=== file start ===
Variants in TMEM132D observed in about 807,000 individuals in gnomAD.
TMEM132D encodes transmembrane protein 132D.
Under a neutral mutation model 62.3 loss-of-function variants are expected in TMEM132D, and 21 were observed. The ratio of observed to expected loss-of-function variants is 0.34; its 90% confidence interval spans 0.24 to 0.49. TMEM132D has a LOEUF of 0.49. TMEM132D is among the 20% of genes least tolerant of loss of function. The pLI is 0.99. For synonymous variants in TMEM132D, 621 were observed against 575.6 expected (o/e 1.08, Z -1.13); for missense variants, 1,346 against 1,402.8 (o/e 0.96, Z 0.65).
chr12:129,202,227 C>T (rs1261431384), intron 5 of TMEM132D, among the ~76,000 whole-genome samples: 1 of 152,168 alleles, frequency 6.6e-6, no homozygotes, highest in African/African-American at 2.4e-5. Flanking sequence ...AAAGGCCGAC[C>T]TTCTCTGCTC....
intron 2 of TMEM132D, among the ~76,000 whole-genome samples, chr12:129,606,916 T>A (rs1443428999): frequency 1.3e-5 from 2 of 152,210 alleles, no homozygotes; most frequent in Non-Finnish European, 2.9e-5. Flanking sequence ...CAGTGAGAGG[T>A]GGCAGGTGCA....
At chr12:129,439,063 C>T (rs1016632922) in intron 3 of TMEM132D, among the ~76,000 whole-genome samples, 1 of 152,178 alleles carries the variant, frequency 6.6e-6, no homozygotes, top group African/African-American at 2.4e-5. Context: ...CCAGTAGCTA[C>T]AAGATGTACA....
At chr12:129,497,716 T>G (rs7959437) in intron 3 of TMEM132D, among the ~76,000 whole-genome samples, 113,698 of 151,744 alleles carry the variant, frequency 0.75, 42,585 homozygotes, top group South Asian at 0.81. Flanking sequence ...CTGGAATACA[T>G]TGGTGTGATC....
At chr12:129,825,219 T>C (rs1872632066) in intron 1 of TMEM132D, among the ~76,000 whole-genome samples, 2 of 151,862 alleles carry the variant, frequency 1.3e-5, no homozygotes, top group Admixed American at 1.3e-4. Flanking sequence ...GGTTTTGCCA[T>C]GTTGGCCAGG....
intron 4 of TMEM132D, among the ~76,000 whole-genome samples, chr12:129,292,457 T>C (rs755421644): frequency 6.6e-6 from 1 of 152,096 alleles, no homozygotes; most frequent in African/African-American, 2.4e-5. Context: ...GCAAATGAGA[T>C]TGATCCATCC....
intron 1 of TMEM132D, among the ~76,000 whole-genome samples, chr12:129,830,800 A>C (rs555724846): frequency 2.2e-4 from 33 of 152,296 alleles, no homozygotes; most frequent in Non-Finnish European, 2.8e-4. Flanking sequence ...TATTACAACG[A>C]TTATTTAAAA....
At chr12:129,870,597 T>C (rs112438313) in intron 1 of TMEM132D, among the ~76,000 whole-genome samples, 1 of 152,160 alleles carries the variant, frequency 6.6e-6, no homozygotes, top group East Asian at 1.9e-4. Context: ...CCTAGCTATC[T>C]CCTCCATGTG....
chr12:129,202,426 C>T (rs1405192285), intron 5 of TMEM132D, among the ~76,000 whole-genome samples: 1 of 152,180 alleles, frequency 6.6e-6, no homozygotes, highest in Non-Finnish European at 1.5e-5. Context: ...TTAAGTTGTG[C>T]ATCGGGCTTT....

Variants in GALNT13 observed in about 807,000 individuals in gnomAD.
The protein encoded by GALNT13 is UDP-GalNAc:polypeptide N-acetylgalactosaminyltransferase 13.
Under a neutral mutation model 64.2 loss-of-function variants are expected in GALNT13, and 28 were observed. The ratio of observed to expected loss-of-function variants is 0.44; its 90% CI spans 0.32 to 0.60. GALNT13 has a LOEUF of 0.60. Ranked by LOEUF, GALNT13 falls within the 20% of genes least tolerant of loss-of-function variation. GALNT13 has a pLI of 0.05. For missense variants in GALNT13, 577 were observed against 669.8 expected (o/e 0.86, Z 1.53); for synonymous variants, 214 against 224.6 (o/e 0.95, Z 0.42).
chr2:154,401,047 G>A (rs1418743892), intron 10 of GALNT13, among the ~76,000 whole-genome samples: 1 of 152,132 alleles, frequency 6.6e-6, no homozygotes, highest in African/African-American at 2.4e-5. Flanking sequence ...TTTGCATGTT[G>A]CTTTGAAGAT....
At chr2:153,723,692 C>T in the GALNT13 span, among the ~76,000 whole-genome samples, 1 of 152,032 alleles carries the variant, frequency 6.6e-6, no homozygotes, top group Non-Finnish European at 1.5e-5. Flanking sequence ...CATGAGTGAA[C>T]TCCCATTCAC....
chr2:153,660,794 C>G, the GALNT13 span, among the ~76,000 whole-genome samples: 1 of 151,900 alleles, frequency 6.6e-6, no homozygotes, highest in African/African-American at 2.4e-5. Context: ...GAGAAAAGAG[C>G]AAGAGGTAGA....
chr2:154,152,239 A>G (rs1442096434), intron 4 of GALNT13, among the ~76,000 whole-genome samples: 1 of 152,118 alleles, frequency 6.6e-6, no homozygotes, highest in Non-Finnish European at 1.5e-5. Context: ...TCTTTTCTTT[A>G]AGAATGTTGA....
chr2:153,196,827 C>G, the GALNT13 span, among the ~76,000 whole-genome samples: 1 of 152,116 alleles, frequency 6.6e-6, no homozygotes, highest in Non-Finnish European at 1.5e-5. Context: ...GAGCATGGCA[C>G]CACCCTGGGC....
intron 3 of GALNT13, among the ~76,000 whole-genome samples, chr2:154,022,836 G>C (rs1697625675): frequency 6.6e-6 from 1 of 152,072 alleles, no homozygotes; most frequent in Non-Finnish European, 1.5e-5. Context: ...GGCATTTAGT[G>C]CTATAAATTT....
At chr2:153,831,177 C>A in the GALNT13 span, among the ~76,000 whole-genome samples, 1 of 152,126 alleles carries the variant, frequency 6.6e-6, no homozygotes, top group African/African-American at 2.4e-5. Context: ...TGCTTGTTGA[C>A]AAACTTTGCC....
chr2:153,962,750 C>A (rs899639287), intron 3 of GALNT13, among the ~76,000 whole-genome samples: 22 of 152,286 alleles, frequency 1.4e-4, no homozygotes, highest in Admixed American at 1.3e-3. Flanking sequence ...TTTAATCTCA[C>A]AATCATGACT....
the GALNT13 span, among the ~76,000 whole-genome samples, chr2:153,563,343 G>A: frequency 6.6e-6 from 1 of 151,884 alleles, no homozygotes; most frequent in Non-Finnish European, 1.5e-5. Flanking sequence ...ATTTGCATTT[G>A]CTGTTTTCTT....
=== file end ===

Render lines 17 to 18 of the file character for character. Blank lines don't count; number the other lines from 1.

At chr2:153,723,692 C>T in the GALNT13 span, among the ~76,000 whole-genome samples, 1 of 152,032 alleles carries the variant, frequency 6.6e-6, no homozygotes, top group Non-Finnish European at 1.5e-5. Flanking sequence ...CATGAGTGAA[C>T]TCCCATTCAC....
chr2:153,660,794 C>G, the GALNT13 span, among the ~76,000 whole-genome samples: 1 of 151,900 alleles, frequency 6.6e-6, no homozygotes, highest in African/African-American at 2.4e-5. Context: ...GAGAAAAGAG[C>G]AAGAGGTAGA....